An insurer generally may not deny a claim solely because of an insured’s delayed notice of a claim "unless the insurer was substantially prejudiced thereby."1 Typically, the insurer will argue prejudice if the delayed notice impaired its ability to investigate a claim. But what if an insured gave timely notice of a claim, but failed to provide a proof of loss? Does the "notice-prejudice" rule still apply?

In a decision issued this past week by a California appellate court, the answer is yes. In Henderson, et al. v. Farmers Group, Inc., et al.,2 (a wildfire soot and ash case) the trial court granted defendant Fire Insurance Exchange’s motion for summary adjudication as to the breach of contract and bad faith claims of several plaintiffs because they failed to submit proofs of loss as required by the policy. The trial court held that Fire Insurance Exchange need not show substantial prejudice to enforce its defense based on the lack of proof of loss. The appellate court disagreed and reversed the trial court’s ruling and held that to enforce a defense based upon the insured’s failure to provide a timely proof of loss, the insurer must show it suffered substantial prejudice. The appellate found that Fire Insurance Exchange presented no evidence of prejudice and therefore, was not entitled to summary judgment. In applying the “notice-prejudice” rule in this specific context, the appellate court cited California’s strong public policy against “technical forfeitures” and described the rule as a guide for courts when construing conditions in insurance contracts to prevent the insurer from escaping a liability which it expressly undertook.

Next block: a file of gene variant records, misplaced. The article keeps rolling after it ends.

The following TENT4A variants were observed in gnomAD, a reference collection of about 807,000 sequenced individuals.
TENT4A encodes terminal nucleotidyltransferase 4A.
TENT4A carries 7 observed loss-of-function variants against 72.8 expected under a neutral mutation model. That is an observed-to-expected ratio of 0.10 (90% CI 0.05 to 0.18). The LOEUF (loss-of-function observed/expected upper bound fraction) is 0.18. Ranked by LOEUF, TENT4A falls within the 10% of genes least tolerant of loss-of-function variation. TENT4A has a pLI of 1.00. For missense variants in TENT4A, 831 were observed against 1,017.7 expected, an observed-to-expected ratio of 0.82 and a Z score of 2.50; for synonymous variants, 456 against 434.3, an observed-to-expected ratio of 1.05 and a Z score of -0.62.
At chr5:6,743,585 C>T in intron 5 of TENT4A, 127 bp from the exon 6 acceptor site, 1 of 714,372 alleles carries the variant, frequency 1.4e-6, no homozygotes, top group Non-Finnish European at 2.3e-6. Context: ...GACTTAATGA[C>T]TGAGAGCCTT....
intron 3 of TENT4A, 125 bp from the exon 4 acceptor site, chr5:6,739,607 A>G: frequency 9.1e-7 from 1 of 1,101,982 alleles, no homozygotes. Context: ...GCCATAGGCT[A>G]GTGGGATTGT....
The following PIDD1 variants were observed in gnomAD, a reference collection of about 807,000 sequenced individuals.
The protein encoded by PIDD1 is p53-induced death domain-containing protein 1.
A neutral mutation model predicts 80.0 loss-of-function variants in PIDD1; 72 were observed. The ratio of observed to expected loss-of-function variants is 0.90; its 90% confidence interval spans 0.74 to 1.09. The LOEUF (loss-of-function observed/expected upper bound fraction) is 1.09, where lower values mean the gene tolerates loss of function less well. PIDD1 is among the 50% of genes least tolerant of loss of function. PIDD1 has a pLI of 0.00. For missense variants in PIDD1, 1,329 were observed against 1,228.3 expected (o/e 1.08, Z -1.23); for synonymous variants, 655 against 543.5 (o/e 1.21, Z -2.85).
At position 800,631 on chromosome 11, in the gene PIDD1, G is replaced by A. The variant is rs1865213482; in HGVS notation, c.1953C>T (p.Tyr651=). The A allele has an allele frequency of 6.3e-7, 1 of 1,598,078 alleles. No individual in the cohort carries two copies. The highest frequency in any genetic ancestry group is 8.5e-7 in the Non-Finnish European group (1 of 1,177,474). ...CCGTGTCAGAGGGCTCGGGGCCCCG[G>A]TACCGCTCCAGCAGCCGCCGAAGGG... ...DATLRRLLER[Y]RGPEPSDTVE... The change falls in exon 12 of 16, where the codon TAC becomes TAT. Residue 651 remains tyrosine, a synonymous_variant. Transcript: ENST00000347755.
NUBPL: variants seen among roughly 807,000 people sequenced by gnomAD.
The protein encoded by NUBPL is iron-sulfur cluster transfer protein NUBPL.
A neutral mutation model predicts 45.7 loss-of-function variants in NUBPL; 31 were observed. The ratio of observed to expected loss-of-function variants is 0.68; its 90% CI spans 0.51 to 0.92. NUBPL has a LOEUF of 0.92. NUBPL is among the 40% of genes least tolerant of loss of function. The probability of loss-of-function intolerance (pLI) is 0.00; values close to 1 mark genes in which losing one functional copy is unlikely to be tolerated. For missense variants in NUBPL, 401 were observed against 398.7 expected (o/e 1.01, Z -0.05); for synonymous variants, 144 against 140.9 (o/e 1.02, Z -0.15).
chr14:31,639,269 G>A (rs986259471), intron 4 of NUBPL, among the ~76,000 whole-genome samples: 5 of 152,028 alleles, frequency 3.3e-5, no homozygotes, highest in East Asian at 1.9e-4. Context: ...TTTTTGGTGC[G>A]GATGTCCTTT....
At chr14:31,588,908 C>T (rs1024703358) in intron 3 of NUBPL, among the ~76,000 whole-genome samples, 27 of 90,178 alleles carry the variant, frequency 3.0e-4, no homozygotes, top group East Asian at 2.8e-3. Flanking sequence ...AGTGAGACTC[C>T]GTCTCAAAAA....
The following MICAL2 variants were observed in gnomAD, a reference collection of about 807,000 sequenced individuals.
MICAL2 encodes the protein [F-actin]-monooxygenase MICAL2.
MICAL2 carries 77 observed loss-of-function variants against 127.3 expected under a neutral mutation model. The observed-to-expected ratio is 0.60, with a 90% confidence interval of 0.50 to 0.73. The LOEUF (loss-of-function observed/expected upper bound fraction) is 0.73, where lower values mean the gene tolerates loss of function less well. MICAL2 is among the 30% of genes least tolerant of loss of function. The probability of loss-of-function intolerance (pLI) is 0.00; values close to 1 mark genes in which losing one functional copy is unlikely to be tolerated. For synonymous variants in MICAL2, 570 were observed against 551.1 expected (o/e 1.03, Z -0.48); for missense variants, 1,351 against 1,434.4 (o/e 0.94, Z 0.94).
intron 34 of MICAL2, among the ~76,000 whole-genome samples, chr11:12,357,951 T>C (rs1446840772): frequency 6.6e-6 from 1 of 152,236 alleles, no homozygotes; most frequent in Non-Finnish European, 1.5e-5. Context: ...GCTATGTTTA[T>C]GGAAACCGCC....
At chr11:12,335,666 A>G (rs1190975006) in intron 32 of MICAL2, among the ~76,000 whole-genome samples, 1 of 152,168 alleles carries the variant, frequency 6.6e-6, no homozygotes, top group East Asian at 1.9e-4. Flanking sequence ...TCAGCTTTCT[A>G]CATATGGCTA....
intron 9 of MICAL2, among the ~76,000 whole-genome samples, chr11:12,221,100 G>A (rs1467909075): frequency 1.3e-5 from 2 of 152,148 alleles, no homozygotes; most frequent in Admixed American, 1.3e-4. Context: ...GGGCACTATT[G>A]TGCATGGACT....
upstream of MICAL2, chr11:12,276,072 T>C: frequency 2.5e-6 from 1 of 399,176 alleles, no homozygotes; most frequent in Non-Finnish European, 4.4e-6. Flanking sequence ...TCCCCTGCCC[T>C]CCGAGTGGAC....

Not that it is ever wise to disregard an insurer’s request for a proof of loss, but sometimes the omission may have been due to inadvertence or a mistake. It’s good to know that depending on the circumstances, the absence of a proof of loss may not doom a policyholder’s claim. The insurer still must prove actual and substantial prejudice if it denies a claim based on a failure to provide a proof of loss.

1 Campbell v. Allstate Ins. Co. (1963) 60 Cal.2d 303.
2 Henderson, et al. v. Farmers Group, Inc., et al. California Court of Appeal (Second Appellate District) Case No. B236259, Slip Opinion (certified for publication), 10/24/12.